Creating Adoptable Computing Education Integrated into Social Studies Classes

PI’s: Mark Guzdial, University of Michigan and Tamara Shreiner, Grand Valley State University

Standards for social studies classes in the United States are increasingly emphasizing the development of data literacy, that is the ability to read, analyze, interpret, evaluate, and argue with data and data visualizations. K-8 students are expected to be able to create and use timelines and maps in most states. High school students are expected to be able to interpret and argue with graphs and charts. While this is a challenge for social studies teachers, few of whom have had any professional development with data literacy, it is an opportunity for computing education. Inquiry-based learning around data literacy requires computing — flexible computing skills that students can use to manipulate and visualize data. We are creating purpose-built data visualization tools for use in social studies classes, using an iterative, participatory design process involving dozens of social studies teachers already. The main research questions of our three year project are (1) how to design and create task-specific programming environments that support learning data literacy and computing skills and concepts and (2) how to promote adoption of these tools by social studies teachers. We will be following a group of pre-service social studies teachers who use our tools in their data literacy course, as they move into their field experiences and first practicing teaching positions. We will be developing assessments for data literacy and computing.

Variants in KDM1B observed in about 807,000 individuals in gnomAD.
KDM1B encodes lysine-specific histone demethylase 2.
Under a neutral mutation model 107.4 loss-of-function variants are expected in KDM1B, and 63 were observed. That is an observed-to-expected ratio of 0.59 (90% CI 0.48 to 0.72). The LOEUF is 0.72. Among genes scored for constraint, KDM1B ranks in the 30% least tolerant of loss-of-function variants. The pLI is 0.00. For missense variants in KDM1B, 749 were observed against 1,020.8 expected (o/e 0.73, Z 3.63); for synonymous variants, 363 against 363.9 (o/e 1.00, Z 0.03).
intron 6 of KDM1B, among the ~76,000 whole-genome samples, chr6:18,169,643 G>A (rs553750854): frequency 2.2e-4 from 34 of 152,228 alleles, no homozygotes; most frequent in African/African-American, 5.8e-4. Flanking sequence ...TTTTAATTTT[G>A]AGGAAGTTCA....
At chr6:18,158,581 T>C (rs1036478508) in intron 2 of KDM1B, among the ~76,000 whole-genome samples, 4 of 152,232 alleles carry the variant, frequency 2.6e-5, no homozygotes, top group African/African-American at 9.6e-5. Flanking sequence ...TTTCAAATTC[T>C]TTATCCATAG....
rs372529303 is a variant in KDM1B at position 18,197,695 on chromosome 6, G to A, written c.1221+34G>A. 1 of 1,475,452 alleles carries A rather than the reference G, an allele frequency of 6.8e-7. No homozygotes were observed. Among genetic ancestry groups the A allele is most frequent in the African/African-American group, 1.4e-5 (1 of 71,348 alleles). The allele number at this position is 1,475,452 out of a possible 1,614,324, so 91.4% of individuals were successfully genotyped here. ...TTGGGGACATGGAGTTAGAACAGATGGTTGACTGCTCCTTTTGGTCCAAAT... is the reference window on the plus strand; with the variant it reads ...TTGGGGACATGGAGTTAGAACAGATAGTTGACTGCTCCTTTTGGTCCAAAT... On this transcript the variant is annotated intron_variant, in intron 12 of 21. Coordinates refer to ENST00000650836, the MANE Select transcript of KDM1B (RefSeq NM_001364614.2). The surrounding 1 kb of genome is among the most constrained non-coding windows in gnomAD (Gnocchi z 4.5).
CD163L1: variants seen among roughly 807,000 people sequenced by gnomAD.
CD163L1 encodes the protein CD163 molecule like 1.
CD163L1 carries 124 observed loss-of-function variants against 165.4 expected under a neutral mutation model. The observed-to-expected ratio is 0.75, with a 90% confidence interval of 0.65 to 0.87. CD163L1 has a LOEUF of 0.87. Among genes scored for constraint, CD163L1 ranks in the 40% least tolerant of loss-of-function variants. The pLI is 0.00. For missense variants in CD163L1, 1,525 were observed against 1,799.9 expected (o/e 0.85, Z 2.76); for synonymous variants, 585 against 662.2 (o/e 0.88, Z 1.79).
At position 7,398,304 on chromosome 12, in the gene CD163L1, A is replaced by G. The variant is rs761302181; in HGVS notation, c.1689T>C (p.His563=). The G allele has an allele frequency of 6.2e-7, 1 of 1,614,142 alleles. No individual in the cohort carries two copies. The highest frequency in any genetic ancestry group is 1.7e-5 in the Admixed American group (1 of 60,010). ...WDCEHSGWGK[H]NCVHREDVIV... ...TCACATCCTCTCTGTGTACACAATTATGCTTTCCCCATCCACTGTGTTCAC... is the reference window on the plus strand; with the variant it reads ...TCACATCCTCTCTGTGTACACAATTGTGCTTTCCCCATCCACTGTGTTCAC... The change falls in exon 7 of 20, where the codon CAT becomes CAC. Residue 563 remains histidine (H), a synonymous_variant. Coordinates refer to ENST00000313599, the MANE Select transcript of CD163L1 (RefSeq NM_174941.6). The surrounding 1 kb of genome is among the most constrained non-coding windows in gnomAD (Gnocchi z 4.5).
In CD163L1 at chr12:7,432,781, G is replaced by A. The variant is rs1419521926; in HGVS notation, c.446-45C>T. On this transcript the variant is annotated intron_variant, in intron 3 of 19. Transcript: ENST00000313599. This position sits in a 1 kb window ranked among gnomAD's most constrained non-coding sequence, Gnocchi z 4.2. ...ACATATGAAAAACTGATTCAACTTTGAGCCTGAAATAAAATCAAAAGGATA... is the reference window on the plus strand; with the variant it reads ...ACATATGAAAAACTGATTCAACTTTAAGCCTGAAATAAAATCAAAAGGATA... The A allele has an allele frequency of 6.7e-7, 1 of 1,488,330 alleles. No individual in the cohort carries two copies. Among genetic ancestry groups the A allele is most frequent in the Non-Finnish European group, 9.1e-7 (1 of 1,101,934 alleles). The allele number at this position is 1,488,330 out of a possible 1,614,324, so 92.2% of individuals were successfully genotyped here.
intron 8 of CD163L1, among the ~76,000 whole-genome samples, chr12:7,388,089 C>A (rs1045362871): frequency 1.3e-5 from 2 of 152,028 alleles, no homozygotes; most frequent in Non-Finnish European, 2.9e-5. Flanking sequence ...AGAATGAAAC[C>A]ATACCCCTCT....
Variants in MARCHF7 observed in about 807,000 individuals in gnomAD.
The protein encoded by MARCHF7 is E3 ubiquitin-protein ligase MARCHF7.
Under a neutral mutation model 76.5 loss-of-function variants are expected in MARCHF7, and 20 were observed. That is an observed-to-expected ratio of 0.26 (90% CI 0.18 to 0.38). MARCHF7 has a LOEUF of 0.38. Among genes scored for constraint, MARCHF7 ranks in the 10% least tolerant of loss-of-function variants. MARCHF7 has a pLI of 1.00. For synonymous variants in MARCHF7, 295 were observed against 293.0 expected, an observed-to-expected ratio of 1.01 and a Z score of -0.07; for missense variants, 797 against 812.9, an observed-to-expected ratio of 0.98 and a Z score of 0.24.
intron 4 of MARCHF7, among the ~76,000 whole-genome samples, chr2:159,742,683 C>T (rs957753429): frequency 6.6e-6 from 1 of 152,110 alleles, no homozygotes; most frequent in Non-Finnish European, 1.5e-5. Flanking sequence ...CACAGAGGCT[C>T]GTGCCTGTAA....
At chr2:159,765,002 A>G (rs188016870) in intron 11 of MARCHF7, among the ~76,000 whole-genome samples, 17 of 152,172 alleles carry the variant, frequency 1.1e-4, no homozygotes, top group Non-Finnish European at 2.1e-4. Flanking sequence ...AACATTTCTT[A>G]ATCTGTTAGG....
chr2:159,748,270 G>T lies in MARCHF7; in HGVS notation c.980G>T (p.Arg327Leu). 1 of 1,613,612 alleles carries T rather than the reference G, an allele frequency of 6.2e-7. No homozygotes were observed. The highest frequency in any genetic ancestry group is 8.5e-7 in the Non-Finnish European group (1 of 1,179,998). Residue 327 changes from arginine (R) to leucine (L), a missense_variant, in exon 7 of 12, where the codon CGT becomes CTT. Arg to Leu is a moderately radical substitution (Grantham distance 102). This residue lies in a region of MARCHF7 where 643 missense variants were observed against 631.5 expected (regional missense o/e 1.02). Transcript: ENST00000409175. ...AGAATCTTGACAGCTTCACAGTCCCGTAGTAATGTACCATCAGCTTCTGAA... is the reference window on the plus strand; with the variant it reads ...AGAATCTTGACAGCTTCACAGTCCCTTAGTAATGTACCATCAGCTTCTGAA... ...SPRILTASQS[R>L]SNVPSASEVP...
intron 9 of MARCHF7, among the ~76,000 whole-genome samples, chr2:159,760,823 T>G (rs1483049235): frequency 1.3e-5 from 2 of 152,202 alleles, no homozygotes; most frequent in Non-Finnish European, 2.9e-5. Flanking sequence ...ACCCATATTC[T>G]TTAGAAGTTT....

We are looking for more social studies teachers to be design informants and potential adopters of our tools. If you know a social studies teacher who would want to keep informed about our work and perhaps participate in our workshops, please have them sign up on our mailing list. Thank you!

Blog Posts about this work (with links to papers):

Press coverage


Guzdial, M. and Tamara L. Shreiner. 2021. “Integrating Computing through Task-Specific Programming for Disciplinary Relevance: Considerations and Examples.” In Computational Thinking in Education: A Pedagogical Perspective, Aman Yadav and Ulf Dalvad Berthelsen (Eds). PDF of Submitted.

Shreiner, Tamara L., Mark Guzdial, and Bahare Naimipour. 2021. “Using Participatory Design Research to Support the Teaching and Learning of Data Literacy in Social Studies.” Presented at CUFA, the College and University Faculty Assembly 2021 of the National Council of the Social Studies. PDF